L/SFR Sneak Preview: HUD Revamps Homelessness Programs

December 13, 2011 | By Adrianne Fielding | Post a Comment

(This post is excerpted from an upcoming article in Thompson’s Local/State Funding Report. Subscribers can find the rest of the story in the Dec. 19 issue.) The U.S. Department of Housing and Urban Development recently issued a number of notices related to its major homelessness programs.

Earlier this month, HUD announced that its Emergency Shelter Grants program has being renamed the Emergency Solutions Grant program, reflecting an expansion of the program’s focus.

While the Emergency Shelter Grants program primarily addressed the needs of homeless people in emergency or transitional shelters, the newly established Emergency Solutions Grant program covers a broader array of emergency shelter and homelessness prevention activities. Those expanded prevention activities include housing relocation and stabilization services and short- and medium-term rental assistance to help people avoid becoming homeless.

The other significant difference between the Emergency Solutions Grant program and its predecessor is that the new program includes rapid re-housing activities, which help people quickly regain stability in permanent housing after a housing crisis and/or homelessness.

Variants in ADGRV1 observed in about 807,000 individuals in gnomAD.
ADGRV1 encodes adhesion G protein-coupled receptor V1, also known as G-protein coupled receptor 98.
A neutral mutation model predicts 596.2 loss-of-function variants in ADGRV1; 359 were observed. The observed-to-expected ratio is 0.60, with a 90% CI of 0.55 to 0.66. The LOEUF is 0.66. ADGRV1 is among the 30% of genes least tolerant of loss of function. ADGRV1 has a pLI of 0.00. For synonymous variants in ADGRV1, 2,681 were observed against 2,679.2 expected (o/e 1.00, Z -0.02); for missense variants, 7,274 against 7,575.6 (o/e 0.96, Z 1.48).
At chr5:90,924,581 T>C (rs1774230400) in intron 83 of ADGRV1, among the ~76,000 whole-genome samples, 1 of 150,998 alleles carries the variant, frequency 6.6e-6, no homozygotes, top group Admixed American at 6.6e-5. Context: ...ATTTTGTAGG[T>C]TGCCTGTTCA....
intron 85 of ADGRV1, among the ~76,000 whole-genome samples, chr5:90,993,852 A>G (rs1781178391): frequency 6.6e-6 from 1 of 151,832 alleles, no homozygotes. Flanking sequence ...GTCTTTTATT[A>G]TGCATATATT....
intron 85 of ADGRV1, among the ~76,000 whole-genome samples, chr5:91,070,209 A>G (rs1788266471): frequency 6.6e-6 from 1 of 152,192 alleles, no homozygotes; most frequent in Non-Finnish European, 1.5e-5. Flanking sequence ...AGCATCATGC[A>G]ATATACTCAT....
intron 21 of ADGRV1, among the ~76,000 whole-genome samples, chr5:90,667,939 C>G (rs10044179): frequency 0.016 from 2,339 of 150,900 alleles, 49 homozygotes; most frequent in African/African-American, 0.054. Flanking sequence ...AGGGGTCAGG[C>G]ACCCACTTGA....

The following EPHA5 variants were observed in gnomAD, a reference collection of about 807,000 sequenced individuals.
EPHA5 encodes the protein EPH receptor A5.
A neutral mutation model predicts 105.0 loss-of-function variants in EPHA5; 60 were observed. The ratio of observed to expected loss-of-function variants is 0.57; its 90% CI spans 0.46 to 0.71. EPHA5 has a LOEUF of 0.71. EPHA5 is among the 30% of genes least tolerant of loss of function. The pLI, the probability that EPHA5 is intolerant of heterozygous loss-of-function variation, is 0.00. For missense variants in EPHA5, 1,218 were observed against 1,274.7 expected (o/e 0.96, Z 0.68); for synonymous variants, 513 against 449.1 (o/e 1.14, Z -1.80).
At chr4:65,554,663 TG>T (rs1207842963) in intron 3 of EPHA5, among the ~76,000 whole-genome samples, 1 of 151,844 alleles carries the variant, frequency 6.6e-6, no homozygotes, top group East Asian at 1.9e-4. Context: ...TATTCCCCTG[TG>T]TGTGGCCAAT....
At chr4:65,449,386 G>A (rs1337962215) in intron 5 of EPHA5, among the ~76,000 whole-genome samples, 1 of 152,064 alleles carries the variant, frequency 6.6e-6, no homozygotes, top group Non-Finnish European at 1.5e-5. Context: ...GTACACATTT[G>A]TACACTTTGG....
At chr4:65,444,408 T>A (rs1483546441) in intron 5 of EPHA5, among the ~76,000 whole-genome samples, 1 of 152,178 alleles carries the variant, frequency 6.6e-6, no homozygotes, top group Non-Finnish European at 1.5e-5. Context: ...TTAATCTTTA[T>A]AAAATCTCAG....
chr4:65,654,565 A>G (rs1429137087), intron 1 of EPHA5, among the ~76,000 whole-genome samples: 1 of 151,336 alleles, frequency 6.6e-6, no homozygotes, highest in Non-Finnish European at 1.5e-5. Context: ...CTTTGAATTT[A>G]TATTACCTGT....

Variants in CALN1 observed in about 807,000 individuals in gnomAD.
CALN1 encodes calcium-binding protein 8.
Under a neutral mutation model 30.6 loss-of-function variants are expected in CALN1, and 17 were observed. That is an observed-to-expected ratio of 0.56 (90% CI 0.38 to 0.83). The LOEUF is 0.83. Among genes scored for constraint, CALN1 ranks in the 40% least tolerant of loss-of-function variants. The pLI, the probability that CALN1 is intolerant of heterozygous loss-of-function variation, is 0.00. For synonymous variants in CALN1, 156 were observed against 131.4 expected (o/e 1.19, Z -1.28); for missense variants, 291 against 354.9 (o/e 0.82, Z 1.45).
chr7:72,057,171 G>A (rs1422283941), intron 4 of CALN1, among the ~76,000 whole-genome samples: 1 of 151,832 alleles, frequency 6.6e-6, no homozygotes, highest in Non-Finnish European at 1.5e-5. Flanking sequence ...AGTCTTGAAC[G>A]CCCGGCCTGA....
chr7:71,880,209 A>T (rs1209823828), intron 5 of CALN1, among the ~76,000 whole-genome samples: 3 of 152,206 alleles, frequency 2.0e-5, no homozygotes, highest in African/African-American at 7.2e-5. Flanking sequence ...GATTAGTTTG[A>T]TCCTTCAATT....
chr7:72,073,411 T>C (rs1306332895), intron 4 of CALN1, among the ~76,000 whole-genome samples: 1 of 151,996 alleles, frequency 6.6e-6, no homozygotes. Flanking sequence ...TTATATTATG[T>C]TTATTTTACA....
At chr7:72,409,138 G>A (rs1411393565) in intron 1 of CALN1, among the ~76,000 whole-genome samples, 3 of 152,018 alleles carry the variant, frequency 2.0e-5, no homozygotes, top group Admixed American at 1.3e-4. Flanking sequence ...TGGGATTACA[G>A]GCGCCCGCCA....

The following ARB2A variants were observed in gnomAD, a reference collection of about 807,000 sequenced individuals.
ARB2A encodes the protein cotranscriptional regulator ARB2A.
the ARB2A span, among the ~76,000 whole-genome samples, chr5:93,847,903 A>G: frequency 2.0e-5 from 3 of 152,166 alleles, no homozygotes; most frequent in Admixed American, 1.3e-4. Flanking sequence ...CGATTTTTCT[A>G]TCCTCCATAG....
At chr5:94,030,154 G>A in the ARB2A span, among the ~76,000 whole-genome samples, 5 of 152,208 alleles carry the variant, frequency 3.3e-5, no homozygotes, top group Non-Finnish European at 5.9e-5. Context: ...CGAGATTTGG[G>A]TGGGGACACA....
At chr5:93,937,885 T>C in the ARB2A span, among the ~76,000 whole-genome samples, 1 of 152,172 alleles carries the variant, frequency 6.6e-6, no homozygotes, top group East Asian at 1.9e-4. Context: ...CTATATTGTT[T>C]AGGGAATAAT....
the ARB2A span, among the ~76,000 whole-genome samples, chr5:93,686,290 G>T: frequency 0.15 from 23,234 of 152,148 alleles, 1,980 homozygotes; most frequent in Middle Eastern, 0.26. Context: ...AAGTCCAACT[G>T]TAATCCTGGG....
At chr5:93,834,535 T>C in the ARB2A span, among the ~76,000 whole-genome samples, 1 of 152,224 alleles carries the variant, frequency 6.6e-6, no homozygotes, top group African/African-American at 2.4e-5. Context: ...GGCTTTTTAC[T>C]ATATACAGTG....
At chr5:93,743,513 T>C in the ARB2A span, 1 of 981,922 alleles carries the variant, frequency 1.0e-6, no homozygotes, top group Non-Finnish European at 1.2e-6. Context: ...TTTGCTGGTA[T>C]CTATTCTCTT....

In its notice about the Emergency Solutions Grant program, HUD noted that it was closely modeled upon the temporary Homelessness Prevention and Rapid Re-Housing Program that was authorized by the American Recovery and Reinvestment Act.

Recipients of fiscal year 2011 Emergency Shelter Grant awards are receiving two funding allocations. The first allocations were subject to the regulations of the Emergency Shelter Grants program. The upcoming second allocations only may be used in accordance with the new Emergency Solutions Program regulations – that is, for homelessness prevention assistance, rapid re-housing assistance, Homeless Management Information Systems and administration.

The program’s expanded focus and name change were authorized by the Homeless Emergency Assistance and Rapid Transition to Housing Act of 2009 (HEARTH Act).  That act also consolidated three programs administered under the McKinney-Vento Homeless Assistance Act (The Supportive Housing Program, the Shelter Plus Care program and the Moderate Rehabilitation/Single Room Occupancy program) into a single Continuum of Care program to meet the needs of homeless individuals more effectively and efficiently.

The HEARTH Act also authorized the agency to replace its Rural Homelessness Grant program with a new Rural Housing Stability program.  The agency has not yet published the proposed rules for the consolidated Continuum of Care and the Rural Housing Stability programs.


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